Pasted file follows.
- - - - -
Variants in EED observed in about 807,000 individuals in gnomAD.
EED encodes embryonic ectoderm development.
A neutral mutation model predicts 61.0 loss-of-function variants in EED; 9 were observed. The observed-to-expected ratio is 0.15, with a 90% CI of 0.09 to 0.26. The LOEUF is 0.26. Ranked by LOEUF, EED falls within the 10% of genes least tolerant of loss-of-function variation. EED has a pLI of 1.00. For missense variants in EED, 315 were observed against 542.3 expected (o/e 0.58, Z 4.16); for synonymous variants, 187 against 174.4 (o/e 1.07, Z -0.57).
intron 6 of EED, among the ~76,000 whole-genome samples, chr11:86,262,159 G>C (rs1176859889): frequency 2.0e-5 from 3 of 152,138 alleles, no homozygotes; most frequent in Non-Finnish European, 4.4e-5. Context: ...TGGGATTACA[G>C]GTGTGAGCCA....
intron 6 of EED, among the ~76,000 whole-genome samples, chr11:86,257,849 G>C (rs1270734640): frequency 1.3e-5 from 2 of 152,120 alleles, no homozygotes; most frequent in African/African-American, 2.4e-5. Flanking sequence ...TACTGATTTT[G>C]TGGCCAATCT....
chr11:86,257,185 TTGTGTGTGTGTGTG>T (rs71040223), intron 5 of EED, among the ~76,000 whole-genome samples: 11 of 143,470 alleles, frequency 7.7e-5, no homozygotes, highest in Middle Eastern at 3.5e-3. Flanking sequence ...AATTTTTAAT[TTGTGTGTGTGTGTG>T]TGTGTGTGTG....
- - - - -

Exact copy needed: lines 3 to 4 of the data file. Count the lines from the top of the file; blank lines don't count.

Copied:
A neutral mutation model predicts 61.0 loss-of-function variants in EED; 9 were observed. The observed-to-expected ratio is 0.15, with a 90% CI of 0.09 to 0.26. The LOEUF is 0.26. Ranked by LOEUF, EED falls within the 10% of genes least tolerant of loss-of-function variation. EED has a pLI of 1.00. For missense variants in EED, 315 were observed against 542.3 expected (o/e 0.58, Z 4.16); for synonymous variants, 187 against 174.4 (o/e 1.07, Z -0.57).
intron 6 of EED, among the ~76,000 whole-genome samples, chr11:86,262,159 G>C (rs1176859889): frequency 2.0e-5 from 3 of 152,138 alleles, no homozygotes; most frequent in Non-Finnish European, 4.4e-5. Context: ...TGGGATTACA[G>C]GTGTGAGCCA....